6. matt22324

    matt22324 New Member

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    Thankyou for all the advice fellas. tecumseh, in response to your question. Yeah, we got ants here, big ones, little ones, termites etc. Well, I called a bee keeper around. And called two more. I have a feeling they were ALL ametuer because one suggested I use fly spray!! (Because all his hives were full and has room for no more bees) and the other came around and said there were probably two hives in there and the Exterminator is the only way - all within ear shot of my lovely wife so she is %100 set on calling the exterminator. I have shown her the responses in this thread to hopefully talk some sense into her but to no avail. I have one more question, that sweet almond chemical (can't remember what it's called it is a repellent), would heaps of that placed under the nest (I can drop some under the nest from inside the roof down the brick and wall cavity from above), get them out? What about continuous smoking from inside the cavity somehow? Will a disco smoke machine smoke them out? I could take a roof tile off to vent and leave it running for a day or so, feeding a tube through a 20mm hole on the bottom of the wall, the smoke is non toxic.
     
  7. G3farms

    G3farms New Member

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    Even if you drive the bees out, guess what is left behind again!!
     
  8. Iddee

    Iddee New Member

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    If your wife is so hard to teach, then maybe the only way to get through to her is to let her have 50 kilos of honey pouring down her walls and all the vermin that comes with it. Then when another swarm moves in next year, and they will, because the smell will still be there, maybe she will have them removed properly then.

    The exterminator will give her a lesson she won't soon forget.
     
  9. matt22324

    matt22324 New Member

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    G3farms,

    At least if I can drive them out they won't be killed. I honestly don't mind repairing the wall I just worry for the bees wellfare.
     
  10. tecumseh

    tecumseh New Member

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    I suspect the removal without really knowing exactly the way in which your house was built would be difficult. Likely there are two cavities within the wall where the hive might come to reside.....1) between the brick and the studded wall and 2) inside the stud walls. or 3) if the house in block inside the block. At this point where the nest has come to reside is anyone's guess.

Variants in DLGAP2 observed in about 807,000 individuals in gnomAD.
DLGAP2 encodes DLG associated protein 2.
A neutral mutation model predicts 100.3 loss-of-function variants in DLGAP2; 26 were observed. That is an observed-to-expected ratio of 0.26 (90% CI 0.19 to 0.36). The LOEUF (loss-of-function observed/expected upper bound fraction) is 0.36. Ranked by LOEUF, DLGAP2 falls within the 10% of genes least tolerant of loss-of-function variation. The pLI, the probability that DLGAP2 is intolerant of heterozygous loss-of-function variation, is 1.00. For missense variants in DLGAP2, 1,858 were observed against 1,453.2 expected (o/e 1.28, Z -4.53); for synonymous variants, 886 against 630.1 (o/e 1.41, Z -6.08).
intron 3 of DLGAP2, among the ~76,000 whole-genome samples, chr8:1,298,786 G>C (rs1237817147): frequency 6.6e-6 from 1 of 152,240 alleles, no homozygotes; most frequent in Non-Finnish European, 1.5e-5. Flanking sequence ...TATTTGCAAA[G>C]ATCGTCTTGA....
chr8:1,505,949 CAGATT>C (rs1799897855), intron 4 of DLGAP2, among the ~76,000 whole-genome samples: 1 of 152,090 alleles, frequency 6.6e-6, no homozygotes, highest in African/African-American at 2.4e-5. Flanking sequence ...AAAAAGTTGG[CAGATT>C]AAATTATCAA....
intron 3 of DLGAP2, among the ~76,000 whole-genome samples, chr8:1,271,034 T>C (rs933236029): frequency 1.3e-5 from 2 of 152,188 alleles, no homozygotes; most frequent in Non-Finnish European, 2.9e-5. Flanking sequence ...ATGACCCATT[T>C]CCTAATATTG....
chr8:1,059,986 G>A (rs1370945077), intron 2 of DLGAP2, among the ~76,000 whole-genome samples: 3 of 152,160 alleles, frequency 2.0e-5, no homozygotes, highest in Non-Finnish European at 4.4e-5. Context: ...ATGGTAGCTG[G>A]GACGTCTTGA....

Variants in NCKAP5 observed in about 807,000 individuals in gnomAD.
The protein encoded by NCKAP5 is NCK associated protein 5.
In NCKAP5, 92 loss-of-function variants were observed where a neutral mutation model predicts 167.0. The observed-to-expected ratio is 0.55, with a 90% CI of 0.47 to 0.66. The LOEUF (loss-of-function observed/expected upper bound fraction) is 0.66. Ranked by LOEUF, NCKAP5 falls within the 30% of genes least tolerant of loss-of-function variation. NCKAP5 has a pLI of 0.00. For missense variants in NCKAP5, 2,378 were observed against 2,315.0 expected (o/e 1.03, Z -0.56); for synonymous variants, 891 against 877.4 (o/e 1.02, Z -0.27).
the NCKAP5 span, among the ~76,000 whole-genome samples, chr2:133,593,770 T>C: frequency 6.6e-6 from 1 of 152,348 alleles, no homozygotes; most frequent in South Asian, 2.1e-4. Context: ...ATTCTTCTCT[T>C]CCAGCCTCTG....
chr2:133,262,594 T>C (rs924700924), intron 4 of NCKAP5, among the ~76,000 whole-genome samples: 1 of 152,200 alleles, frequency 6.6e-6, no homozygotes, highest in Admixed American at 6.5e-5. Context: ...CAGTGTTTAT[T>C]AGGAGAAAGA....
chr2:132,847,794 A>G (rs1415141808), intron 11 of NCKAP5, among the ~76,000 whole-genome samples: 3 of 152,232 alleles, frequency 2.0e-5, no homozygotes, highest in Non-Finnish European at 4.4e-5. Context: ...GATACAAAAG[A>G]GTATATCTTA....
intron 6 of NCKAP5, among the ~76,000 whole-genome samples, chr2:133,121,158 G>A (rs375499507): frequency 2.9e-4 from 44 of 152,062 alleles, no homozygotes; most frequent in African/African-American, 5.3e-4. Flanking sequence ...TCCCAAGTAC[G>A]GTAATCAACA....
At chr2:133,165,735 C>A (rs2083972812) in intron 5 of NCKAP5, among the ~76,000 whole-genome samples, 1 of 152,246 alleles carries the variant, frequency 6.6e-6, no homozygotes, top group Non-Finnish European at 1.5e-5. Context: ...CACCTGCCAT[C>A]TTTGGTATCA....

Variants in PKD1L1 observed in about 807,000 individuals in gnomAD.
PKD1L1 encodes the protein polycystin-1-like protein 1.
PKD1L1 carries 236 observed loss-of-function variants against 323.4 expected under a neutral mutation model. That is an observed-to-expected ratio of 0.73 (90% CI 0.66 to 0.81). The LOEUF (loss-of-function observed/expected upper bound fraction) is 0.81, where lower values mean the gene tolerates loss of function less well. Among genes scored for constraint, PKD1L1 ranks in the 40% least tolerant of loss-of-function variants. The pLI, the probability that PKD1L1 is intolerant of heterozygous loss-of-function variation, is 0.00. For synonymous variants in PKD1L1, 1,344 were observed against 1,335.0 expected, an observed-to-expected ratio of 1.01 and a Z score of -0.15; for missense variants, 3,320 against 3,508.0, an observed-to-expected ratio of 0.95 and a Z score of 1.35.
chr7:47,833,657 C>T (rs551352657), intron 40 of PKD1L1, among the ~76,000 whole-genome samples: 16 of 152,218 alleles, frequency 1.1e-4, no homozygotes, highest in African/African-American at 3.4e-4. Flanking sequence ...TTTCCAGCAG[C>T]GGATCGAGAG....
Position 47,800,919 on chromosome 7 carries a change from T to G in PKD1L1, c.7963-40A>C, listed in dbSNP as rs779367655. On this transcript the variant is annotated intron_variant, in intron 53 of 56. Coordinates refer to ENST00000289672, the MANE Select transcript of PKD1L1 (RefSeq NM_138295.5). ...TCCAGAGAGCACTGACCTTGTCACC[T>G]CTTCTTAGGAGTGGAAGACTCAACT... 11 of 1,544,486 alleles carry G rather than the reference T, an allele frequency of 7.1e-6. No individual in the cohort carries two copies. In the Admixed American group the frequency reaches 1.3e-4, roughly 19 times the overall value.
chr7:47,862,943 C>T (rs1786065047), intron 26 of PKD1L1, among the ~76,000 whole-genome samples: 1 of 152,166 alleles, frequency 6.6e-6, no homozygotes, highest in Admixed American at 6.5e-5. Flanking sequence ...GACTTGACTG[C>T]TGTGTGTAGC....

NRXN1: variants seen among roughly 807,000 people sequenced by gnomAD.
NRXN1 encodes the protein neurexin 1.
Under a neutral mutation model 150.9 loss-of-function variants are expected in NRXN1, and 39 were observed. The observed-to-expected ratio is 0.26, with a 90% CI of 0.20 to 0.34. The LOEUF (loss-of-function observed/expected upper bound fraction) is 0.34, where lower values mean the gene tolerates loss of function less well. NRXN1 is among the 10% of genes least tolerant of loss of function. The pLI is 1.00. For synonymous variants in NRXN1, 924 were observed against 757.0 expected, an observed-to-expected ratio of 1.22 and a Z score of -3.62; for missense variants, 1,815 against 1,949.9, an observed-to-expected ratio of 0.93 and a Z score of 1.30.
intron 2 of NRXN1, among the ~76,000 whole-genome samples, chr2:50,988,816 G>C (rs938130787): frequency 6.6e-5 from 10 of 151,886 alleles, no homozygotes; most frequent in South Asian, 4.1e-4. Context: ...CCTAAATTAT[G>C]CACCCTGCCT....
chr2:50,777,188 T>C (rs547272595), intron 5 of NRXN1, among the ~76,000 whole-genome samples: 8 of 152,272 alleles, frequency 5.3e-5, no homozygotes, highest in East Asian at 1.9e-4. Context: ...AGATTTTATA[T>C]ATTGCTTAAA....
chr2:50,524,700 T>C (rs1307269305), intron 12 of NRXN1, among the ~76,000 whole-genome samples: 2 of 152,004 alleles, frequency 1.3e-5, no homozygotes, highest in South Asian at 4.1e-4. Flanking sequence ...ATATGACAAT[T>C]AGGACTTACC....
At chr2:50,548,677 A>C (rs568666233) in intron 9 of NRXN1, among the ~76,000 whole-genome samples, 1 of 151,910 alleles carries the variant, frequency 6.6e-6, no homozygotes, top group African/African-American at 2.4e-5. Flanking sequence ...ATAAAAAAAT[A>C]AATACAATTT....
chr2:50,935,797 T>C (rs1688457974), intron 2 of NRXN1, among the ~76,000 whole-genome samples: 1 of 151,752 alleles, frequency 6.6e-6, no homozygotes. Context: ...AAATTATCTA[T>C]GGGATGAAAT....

another option might be.... let the swarm stay where it is and come winter time (yours) caulk up the holes and seal the hive inside the cavity. not the best of options but ANOTHER option.

    matt writes:
    have one more question, that sweet almond chemical (can't remember what it's called it is a repellent), would heaps of that placed under the nest (I can drop some under the nest from inside the roof down the brick and wall cavity from above), get them out? What about continuous smoking from inside the cavity somehow? Will a disco smoke machine smoke them out? I could take a roof tile off to vent and leave it running for a day or so, feeding a tube through a 20mm hole on the bottom of the wall, the smoke is non toxic.

    tecumseh:
    the products names are BeeGo and BeeQuick. The BeeGo works at a bit lower temperature than BeeQuick. Here they will not ship BeeGo via the mail. I think perhaps you could be on to something here if your day time temperature is getting warm. I do know that if you put even a little BeeQuick on a fume board and leave it a bit too long when the temperature is pushing 90 it will vacate ever bee from a hive.

    Good luck...
     
  11. rgy

    rgy New Member

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    why not buy some equipement, tear into the wall, band the comb full of brood and honey into your new frames and start your OWN hive in the yard!!! Bees are saved, honey is out of the wall, wife is happy and you have a great new hobby!!!!!!!!!!!!

    there is another forum that has a section for "down under beekeepers" maybe post there and you will get some help from a more experienced beek. I'm sure you can find the forum with google.
     
  12. G3farms

    G3farms New Member